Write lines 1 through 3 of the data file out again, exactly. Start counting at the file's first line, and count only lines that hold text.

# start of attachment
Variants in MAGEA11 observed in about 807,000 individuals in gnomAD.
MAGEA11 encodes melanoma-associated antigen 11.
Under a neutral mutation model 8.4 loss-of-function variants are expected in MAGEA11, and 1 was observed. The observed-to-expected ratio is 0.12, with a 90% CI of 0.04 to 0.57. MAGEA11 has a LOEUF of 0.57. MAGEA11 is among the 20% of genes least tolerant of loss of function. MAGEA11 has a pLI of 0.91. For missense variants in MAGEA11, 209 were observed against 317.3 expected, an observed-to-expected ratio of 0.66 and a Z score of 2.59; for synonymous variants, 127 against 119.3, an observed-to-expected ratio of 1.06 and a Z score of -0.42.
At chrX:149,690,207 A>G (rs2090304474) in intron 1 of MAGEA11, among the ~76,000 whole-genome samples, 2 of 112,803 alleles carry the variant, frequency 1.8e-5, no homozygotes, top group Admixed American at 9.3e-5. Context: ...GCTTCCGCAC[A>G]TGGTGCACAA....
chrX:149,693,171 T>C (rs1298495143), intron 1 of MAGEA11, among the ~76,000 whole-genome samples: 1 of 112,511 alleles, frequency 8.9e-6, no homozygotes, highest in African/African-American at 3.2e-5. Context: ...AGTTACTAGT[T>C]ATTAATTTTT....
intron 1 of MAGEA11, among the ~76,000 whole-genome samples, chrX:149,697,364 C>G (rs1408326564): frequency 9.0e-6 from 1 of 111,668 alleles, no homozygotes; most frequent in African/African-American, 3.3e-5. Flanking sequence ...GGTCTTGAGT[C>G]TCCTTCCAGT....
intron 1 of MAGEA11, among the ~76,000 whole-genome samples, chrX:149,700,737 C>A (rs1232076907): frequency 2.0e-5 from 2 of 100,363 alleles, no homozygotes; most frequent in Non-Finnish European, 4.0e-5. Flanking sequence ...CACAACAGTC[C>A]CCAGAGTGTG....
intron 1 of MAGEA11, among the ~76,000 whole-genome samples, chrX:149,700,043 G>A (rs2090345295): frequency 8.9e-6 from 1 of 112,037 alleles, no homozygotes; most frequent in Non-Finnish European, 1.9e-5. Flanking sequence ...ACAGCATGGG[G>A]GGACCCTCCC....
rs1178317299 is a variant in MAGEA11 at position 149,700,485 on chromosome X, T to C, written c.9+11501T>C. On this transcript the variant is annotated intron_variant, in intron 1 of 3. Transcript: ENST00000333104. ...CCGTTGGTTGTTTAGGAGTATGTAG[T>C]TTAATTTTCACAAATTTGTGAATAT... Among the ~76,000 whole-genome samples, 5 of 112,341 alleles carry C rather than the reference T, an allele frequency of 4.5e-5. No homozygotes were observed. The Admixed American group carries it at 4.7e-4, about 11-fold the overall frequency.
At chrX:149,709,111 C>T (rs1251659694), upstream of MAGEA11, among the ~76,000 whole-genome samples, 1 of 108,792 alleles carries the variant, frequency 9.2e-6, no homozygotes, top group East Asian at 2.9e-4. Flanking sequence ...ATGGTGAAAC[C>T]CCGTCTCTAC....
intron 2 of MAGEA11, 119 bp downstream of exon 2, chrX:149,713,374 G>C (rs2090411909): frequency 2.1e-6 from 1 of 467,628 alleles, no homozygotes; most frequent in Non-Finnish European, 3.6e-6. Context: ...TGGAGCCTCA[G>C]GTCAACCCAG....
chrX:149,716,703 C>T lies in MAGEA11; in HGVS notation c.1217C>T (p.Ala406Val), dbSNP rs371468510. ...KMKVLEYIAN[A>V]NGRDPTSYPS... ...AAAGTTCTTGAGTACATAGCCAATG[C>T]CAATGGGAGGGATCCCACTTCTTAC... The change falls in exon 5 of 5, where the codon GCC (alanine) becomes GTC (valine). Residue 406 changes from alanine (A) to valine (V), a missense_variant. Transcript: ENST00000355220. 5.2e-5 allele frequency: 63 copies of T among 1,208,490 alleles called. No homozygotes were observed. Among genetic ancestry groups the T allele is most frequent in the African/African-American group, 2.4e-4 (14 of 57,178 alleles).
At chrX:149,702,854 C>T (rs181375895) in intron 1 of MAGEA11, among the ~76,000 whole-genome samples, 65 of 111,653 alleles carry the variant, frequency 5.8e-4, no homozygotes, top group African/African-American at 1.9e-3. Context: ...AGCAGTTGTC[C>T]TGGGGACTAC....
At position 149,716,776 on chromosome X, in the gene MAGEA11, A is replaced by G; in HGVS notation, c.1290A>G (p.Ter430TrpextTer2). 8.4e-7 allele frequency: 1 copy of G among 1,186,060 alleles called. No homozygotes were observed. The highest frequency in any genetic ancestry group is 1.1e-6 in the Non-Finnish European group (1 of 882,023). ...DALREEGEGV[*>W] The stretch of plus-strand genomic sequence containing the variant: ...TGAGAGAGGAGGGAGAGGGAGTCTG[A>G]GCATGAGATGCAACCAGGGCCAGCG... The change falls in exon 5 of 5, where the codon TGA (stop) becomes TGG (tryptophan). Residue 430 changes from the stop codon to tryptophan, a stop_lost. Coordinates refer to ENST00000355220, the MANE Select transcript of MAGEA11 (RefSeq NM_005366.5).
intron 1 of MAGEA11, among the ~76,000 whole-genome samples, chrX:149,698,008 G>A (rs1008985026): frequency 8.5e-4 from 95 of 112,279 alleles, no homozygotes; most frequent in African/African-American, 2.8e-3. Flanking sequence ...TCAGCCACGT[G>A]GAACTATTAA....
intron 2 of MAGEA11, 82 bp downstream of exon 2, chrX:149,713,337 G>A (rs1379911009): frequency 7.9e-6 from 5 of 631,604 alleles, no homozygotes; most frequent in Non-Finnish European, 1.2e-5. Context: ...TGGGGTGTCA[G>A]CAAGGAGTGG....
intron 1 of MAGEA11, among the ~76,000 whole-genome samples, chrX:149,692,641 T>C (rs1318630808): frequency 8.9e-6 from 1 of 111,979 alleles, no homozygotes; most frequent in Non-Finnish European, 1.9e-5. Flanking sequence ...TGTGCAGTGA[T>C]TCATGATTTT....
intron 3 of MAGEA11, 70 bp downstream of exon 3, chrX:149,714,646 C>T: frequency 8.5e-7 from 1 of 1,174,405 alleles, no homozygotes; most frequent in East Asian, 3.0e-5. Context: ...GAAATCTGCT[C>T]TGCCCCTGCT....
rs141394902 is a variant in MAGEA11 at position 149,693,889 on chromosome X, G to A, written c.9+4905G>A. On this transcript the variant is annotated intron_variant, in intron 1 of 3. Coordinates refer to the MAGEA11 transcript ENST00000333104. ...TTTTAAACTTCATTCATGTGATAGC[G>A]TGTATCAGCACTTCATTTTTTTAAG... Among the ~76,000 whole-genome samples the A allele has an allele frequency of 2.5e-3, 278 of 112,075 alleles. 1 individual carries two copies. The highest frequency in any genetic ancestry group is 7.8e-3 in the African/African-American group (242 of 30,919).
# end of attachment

Variants in MAGEA11 observed in about 807,000 individuals in gnomAD.
MAGEA11 encodes melanoma-associated antigen 11.
Under a neutral mutation model 8.4 loss-of-function variants are expected in MAGEA11, and 1 was observed. The observed-to-expected ratio is 0.12, with a 90% CI of 0.04 to 0.57. MAGEA11 has a LOEUF of 0.57. MAGEA11 is among the 20% of genes least tolerant of loss of function. MAGEA11 has a pLI of 0.91. For missense variants in MAGEA11, 209 were observed against 317.3 expected, an observed-to-expected ratio of 0.66 and a Z score of 2.59; for synonymous variants, 127 against 119.3, an observed-to-expected ratio of 1.06 and a Z score of -0.42.